Yes, the recent past is littered with unrealized predictions of upheaval in North Korea, but if it’s possible to know anything about the North Korean Street, then things are clearly changing faster now than they have in the past. Reading updates from the Daily NK and Open News sounds more like the first chapters of “A Tale of Two Cities” every week. In 2009, the North Korean people pushed their country into the margins of Phase V. This year, 2010, could be the year North Korea enters Phase V in earnest. I’m not saying this is the year — the timing of even likely events is impossible to predict — but I am saying that this year is much more likely to be a year of unrest than any of the years leading up to this one.
If there is unrest, I predict that it will, initially, fail to overthrow the regime. It takes a disciplined, cohesive, armed opposition to overthrow a determined dictatorship, but hatred of the regime itself is enough to galvanize opposition. There is much that we can do to help North Koreans cohere around a set of principles, and that’s something I’ll be writing more about later.
WHOOP DE DOO. NORTH KOREA HAS RELEASED ITS MUCH-ANTICIPATED and analytically worthless New Year’s speech. Every year, they promise to improve the lives of the people; every year, foreigners read this as a harbinger of reform; and every year, things in North Korea only get worse. But nevertheless, let the over-analysis begin! It’s hard to say which is the single worst example among so much weedy, perennial regrowth, but this one probably wins the honor, at least until we see the Hankyoreh’s entry.
WHICH IS, I SUPPOSED, MUCH LIKE NORTH KOREA’S CALL FOR PEACE with the United States. People will naturally see what they choose to see in this, no matter how much past experience contradicts it. Reuters, on the other hand, has seen it all before, and even talks to someone insightful:
“North has absolutely no interest in normalizing relations with the United States. As soon as the North does that, it loses all reason to exist,” said B.R. Myers, an expert on the North’s ideology at Dongseo University. “As soon as people think it is possible to get along with America, they will ask themselves why they need a ‘military first’ policy,” Myers said in a recent interview.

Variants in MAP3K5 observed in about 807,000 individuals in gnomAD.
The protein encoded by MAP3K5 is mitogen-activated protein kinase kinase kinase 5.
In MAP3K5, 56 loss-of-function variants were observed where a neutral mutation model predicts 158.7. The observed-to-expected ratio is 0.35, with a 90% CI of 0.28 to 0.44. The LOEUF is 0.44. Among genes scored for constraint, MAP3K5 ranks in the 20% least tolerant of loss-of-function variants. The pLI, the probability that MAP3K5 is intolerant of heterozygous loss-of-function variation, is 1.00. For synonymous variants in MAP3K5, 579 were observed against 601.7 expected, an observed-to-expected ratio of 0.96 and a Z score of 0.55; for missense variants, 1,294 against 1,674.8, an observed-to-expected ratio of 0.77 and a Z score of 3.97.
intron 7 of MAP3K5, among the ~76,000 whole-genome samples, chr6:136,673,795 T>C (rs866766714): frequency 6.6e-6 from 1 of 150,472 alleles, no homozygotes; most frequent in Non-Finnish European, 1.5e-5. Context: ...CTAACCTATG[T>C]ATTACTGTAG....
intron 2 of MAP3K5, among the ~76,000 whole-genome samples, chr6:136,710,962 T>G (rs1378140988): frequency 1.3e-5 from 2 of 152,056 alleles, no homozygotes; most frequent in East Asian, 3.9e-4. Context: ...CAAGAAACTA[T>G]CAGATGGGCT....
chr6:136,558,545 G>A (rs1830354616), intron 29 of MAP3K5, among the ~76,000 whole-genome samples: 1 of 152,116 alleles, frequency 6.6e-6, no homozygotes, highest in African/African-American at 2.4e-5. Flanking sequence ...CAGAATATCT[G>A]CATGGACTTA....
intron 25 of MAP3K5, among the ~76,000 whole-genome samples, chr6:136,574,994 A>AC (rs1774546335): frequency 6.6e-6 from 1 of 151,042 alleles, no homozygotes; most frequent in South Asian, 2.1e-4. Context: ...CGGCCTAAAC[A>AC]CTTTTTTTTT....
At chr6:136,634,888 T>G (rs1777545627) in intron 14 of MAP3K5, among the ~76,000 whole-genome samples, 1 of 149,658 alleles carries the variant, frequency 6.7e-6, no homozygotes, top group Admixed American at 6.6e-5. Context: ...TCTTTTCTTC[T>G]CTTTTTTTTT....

This year, “peace” on North Korea’s terms means recognition as a nuclear state, the dropping of U.N. sanctions, a license to proliferate and counterfeit at will, and non-interference of any foreign power as it commits mass murder against its own people. This is the peace of the (mass) grave, although I’m sure those terms are acceptable to plenty of people in our State Department. Of course, it’s anyone’s guess what “peace” will mean next year.
LEE MYUNG BAK’S MESSAGE IS NO LESS CRYPTIC or manipulative, if we’re to be objective about this. The art of politics — and no one has mastered this more than Barack Obama — is to promise them just enough so that their hopes can fill in the rest of what you didn’t say. Yonhap’s picture of Lee delivering it is one for the ages:
While the hot young thing on his left — I presume she isn’t the Chair of the Joint Chiefs of Staff, but who’s complaining? — hangs on his every word, the fellow on the right appears to have entered a trance-like state. No doubt, this is an intense form of concentration.
THE DAILY NK’S CHRIS GREEN, who has become a great asset to its English language edition and everyone who reads it, has the best commentary on the Robert Park situation I’ve read anywhere so far. I’m not even going to quote it. Just read the whole thing yourself. I will say that what Park says about the beef protests explains why I’m ready to write off South Korea as a total loss until unification, when I expect North Korean voters will restore some perspective for a while.
CAPTAIN JON STAFFORD, author of this much-discussed paper on finding America’s role in a post-Kim North Korea, offers another contribution — this time, in the Australian Defense Force Journal. Stafford’s ideas manage to be both subversive and achingly sensible. I wish they had more currency in our government. I also found the article on pashtunwali interesting.
MORE NORTH KOREAN REFUGEES THAN EVER are arriving in Thailand: “Thai immigration authorities say they took more than 1,000 North Koreans into custody this year, compared with less than 400 in 2008 when Beijing tightened security for the Olympics.”
SO FAR, I’M NOT READING REPORTS OF CHAOS IN IRAN, but I’m glad to see that the Iranian opposition doesn’t seem to be backing down from the death threats of the regime’s thug squads.
JULES CRITTENDEN has written a wonderful, bitter, must-read diary of his last decade.